Not the Parent?

In some cases, child custody disputes can arise between a relative who isn't the biological parent of the child and an absent parent. If this is your situation, you'll have to submit a "non-parent custody petition" to the courts, which requires details such as relationship to the child, reasons for the custody request, as well as the status of the parents. 

Please, contact us for more information. 


You Can Get Help Collecting Child Support

Friday, November 03, 2017

Custodial parents sometimes find it difficult to collect the child support they need to take care of their children, child support that was court ordered. Help is available.

Child support payments are not voluntary. They are ordered by a court during child custody hearings. These cases may be part of a divorce, separation, or a paternity determination. Child support is usually paid by income withholding from employment. If child support is in arrears or unpaid, additional measures can be imposed to collect it.

Passports can be denied or seized if more than $2500 in unpaid support is owed. 

Federal and state income tax refunds may be offset by the child support debt.

Child support orders cross state lines. States communicate with one another about scofflaws of child support. Orders are enforceable across state lines.

Child support payments that are in arrears are often reported to credit bureaus.

States can fail to renew drivers or business licenses for those in arrears on child support. Their licenses can also be suspended.

Unemployment, Social Security, and retirement payments can be garnished. Military pay can also be garnished. Liens can be placed on property held by the person owing back child support.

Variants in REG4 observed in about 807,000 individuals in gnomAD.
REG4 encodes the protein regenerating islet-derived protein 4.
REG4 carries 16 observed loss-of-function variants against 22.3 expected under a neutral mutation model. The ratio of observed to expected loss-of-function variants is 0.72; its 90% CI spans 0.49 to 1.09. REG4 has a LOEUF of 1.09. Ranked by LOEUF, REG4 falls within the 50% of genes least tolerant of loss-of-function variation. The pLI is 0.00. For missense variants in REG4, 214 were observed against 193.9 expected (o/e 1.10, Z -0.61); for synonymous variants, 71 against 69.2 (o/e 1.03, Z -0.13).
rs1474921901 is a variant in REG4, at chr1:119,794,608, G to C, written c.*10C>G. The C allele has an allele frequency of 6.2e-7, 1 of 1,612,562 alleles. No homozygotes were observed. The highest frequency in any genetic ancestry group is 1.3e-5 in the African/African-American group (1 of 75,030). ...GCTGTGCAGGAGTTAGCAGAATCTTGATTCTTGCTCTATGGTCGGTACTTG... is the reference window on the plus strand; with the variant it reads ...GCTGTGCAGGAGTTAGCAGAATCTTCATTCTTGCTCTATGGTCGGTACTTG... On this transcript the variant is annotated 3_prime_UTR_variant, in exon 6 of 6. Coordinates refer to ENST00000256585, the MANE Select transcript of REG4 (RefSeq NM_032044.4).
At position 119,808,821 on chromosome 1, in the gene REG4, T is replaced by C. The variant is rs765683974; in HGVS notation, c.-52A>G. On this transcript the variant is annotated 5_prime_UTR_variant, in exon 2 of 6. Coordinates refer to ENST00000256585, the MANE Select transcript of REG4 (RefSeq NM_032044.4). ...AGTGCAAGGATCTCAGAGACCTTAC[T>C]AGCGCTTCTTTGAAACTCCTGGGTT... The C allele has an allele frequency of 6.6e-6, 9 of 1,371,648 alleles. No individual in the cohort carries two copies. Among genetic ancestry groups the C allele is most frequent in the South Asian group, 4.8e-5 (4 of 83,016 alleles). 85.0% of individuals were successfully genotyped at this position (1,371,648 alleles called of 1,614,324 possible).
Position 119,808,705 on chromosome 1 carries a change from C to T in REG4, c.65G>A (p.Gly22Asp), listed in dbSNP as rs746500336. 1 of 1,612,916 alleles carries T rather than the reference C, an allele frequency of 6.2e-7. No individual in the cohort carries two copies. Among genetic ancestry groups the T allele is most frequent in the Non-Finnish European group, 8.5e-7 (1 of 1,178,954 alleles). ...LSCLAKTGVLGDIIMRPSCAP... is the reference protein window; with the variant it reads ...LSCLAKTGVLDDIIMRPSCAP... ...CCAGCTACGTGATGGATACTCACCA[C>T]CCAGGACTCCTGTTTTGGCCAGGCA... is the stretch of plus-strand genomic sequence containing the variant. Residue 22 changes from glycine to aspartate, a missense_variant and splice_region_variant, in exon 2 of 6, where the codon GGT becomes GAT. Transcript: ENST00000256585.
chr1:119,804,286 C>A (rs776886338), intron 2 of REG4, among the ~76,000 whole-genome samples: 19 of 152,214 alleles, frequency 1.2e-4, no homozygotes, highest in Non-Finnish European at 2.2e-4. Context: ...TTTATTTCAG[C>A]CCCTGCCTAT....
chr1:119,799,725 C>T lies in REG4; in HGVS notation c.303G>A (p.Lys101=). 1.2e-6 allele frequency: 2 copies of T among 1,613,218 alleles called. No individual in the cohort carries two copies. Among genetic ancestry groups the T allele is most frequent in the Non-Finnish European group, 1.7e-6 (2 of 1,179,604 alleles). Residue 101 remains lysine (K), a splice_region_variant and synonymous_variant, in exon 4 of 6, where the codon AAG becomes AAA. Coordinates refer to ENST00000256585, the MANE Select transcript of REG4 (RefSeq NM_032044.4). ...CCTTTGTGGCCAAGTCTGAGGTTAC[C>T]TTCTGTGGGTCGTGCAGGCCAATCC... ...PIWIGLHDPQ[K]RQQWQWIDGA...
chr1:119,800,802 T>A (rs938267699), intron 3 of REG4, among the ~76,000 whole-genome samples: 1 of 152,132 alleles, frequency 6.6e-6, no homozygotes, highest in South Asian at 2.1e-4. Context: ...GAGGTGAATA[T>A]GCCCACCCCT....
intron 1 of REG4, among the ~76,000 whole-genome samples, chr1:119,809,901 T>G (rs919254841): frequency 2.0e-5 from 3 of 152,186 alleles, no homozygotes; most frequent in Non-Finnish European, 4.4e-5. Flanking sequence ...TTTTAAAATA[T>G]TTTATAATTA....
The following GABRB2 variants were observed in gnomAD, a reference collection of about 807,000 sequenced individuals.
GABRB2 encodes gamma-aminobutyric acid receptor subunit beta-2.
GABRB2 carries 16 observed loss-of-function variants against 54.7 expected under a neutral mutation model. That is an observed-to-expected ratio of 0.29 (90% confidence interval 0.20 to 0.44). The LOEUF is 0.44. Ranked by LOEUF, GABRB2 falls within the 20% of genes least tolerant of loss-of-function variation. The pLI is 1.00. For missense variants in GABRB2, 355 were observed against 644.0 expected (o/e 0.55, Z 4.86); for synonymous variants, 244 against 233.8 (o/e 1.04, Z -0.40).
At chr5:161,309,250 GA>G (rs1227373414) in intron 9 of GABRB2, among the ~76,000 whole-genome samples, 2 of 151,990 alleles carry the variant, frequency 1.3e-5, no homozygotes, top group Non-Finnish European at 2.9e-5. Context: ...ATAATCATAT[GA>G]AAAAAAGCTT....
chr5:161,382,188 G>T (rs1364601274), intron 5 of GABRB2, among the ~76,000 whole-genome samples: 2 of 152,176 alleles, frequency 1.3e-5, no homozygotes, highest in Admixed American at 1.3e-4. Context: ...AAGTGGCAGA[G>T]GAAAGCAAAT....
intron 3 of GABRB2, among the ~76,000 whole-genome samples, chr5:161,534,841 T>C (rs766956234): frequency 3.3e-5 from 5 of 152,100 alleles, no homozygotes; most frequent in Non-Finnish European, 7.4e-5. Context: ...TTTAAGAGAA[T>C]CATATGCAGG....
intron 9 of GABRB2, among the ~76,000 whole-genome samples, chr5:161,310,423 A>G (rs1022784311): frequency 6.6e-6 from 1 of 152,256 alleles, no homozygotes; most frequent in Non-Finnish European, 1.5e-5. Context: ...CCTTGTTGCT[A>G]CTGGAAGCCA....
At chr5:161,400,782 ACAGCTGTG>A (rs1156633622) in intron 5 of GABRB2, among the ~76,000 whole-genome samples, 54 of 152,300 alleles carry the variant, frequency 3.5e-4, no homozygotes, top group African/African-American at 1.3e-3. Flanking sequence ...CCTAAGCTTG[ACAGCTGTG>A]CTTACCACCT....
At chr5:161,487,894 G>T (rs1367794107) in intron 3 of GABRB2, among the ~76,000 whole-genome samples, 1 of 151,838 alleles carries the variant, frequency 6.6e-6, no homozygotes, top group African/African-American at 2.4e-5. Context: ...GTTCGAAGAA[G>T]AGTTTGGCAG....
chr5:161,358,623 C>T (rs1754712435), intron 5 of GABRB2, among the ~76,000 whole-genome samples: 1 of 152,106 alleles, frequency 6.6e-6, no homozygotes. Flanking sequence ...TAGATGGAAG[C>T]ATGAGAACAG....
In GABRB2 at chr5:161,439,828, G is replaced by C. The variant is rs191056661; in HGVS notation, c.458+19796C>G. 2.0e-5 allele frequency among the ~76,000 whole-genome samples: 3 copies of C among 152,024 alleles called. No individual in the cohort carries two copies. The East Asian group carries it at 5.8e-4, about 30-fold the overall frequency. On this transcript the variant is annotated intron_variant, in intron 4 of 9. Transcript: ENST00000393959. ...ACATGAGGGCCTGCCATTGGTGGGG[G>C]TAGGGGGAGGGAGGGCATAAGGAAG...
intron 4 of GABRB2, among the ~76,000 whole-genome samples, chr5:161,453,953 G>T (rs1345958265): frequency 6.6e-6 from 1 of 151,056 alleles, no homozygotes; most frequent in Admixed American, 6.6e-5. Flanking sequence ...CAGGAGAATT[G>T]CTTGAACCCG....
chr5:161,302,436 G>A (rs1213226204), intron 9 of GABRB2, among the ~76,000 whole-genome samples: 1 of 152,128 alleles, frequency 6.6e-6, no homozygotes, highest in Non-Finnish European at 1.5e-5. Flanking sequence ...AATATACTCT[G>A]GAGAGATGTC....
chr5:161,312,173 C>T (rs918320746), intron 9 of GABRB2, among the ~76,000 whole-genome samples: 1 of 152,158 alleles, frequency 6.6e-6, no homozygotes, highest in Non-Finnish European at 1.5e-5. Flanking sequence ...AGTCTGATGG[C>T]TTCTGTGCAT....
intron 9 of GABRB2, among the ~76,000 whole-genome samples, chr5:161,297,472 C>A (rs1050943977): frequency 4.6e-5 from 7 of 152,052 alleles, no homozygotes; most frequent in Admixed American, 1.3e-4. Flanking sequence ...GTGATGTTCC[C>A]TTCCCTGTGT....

Some payments are not subject to garnishment. These include Veterans disability payments, some Social Security payments such as Supplemental Security Income(SSI) and Social Security Disability Income (SSDI) as well as student loans.

Payments in arrears may or may not be discharged in a bankruptcy proceeding. There are different circumstances regarding debts under bankruptcy laws. Child support payments are not usually forgiven. It is a valid debt.

Modification of child support orders is possible if circumstances change. Either a custodial or non-custodial parent can ask the court for a modification. Significant changes in the financial situation for either parent may qualify for a modification, either to increase or decrease support payments.

Contact our firm for any issues regarding paying or collecting child support. We are here to help.

Do You Have the Right to Parenting Time?

Thursday, May 11, 2017

Once referred to as visitation, parenting time is the time a parent spends with a child after the parents have separated. While parenting time doesn’t matter if you have been named the custodial parent, typically it is used to describe the time the noncustodial parent spends with their child. However, do you actually have a right to parenting time?

Parenting time is not a right, so you do not automatically have the right to see your child if you are not the custodial parent. The court decides if parenting time is in the best interests of the child, but will typically grant at least some parenting time unless the noncustodial parent has a history of harm or abuse to the child or others.

Once parenting time has been granted, unless abuse starts to show itself, it is difficult to have parenting time taken away. Even if the noncustodial parent fails to pay child support, the court cannot take away your parenting time, but you may face other consequences.

If you are trying to get the maximum amount of parenting time with your child, one of the main things that the court will look at is your history with the child. It is best to write down what sort of relationship you have had, how much time you previously spent with the child, and how much of that time included overnights.